• Resolve potential personal conflicts on the job through practice in human relations skills
  • Assist in understanding the integration of work and other life roles
  • Support persons experiencing job stress, job loss, and/or career transition

Career Resources: Useful Links


Internships/Experiential Education


Interview Skills

Mock Interview

The Counseling and Career Services Mock Interview Program allows students and prospective job candidates to practice their interviewing skills by participating in a simulated interview. Students will receive constructive feedback, which if acted upon, will improve their interviewing skills and increase their confidence and comfort with the interviewing process.

To Schedule a Mock Interview

Mock interviews are facilitated through the office of Counseling and Career Services, Friedman Student Union, Rm. 305. Students may come by to schedule a mock interview or call (318) 357-5621. It is very important for you to call and cancel your appointment if you are unable to attend as there are often students waiting for services.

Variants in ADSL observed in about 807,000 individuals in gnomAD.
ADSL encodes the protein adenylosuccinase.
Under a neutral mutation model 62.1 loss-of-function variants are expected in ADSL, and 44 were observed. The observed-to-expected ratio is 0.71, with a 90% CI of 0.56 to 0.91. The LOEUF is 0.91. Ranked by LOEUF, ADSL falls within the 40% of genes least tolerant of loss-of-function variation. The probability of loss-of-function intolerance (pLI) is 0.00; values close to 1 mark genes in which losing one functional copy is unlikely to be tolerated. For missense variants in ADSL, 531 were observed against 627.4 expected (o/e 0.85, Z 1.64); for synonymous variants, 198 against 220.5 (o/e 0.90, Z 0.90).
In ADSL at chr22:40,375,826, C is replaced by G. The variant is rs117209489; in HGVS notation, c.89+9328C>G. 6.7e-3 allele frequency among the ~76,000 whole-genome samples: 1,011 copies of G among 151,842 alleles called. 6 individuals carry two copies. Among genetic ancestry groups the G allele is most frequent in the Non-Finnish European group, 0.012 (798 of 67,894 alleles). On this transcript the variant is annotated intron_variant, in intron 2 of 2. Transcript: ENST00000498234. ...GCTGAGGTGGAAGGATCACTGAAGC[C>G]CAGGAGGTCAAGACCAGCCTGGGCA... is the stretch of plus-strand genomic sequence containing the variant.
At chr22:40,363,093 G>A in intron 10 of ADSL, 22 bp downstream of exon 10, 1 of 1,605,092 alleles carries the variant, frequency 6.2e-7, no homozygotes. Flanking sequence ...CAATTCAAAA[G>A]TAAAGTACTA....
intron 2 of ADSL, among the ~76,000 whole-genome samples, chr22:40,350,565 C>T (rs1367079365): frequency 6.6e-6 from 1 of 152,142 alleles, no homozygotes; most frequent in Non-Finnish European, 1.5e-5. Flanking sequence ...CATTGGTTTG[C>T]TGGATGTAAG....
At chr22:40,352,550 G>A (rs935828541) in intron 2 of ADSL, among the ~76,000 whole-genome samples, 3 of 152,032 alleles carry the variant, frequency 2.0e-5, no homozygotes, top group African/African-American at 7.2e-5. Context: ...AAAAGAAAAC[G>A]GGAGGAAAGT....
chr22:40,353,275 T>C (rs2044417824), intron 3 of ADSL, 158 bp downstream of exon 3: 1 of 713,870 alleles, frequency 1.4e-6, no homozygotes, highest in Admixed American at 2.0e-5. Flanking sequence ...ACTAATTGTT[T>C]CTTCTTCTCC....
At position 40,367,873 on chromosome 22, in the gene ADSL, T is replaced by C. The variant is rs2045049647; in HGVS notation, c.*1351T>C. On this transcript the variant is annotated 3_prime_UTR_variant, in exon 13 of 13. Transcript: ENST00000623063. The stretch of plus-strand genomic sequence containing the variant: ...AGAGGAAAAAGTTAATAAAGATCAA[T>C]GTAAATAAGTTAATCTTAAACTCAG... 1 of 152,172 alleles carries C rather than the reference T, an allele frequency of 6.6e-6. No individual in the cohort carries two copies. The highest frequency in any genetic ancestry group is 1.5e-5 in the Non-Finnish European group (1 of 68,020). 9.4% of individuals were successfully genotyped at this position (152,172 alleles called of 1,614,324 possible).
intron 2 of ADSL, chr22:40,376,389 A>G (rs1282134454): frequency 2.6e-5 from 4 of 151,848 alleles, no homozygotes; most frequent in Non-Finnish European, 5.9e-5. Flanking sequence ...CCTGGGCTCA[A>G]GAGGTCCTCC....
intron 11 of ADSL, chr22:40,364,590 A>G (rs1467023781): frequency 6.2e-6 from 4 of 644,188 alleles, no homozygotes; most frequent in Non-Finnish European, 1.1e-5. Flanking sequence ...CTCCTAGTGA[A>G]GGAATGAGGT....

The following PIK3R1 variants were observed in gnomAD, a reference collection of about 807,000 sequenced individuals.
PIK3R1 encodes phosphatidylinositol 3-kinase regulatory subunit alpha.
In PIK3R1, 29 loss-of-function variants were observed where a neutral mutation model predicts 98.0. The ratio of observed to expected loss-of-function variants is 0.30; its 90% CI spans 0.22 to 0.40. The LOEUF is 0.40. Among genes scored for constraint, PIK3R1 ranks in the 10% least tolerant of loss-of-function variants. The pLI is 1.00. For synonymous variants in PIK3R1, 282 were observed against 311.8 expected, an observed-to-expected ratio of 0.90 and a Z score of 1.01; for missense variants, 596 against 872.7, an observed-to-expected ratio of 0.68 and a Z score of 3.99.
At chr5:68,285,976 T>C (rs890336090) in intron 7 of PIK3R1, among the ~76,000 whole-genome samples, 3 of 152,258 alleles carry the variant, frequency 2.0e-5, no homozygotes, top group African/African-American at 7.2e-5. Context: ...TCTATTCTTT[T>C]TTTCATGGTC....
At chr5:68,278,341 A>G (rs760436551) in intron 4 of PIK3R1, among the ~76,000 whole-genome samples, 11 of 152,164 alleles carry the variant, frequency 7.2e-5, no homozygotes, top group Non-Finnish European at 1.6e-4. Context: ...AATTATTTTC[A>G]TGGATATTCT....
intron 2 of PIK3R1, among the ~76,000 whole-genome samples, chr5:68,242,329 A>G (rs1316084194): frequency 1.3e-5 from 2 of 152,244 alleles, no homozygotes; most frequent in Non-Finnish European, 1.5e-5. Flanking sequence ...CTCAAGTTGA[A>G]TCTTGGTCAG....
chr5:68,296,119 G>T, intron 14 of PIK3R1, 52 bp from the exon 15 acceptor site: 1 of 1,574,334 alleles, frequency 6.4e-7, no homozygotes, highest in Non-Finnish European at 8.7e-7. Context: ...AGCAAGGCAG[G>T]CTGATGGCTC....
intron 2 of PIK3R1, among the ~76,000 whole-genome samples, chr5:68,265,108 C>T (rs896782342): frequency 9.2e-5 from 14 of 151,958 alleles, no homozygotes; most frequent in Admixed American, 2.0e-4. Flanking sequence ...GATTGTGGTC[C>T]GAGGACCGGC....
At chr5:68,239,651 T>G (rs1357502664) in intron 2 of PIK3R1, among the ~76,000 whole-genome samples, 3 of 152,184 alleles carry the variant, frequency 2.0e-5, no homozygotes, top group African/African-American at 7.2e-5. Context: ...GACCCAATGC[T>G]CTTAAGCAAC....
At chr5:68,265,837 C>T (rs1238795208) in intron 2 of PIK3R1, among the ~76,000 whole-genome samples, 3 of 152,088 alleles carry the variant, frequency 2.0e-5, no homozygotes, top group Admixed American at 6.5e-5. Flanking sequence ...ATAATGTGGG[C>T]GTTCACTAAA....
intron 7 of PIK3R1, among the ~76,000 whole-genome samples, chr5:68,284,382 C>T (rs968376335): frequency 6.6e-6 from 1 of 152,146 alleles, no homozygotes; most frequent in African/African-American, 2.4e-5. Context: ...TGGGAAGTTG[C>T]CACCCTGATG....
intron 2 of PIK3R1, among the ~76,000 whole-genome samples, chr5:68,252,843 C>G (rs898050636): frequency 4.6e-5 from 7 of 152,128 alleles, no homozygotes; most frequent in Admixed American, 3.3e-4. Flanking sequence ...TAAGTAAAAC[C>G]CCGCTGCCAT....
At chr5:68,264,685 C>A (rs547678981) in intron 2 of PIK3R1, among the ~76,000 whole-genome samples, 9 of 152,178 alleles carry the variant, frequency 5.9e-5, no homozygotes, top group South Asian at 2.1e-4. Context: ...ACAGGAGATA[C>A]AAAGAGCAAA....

Professional Attire

The key to successful interviewing is preparation. Preparing your interview attire is part of that preparation. Clothes should be conservative and not detract from the interviewee. Dress as one would in the profession you are entering.

  • Clothes should be clean and pressed.
  • Hair should be neatly groomed and out of the face.
  • Keep make-up and jewelry at a minimum. Take out any facial piercing.
  • Avoid wearing heavy cologne or perfume.
  • Socks and hose should be dark or neutral.
  • Shoes should be dress shoes and be polished.


Self-Assessment and Preparation of your Responses

Another key to successful interviewing is identifying your skills and traits and past experiences that provide specific examples of those skills and traits. You must be able to support the claims you make in an interview. Be able to communicate effectively about your communication skills, motivation/initiative, interpersonal skills and leadership/teamwork skills.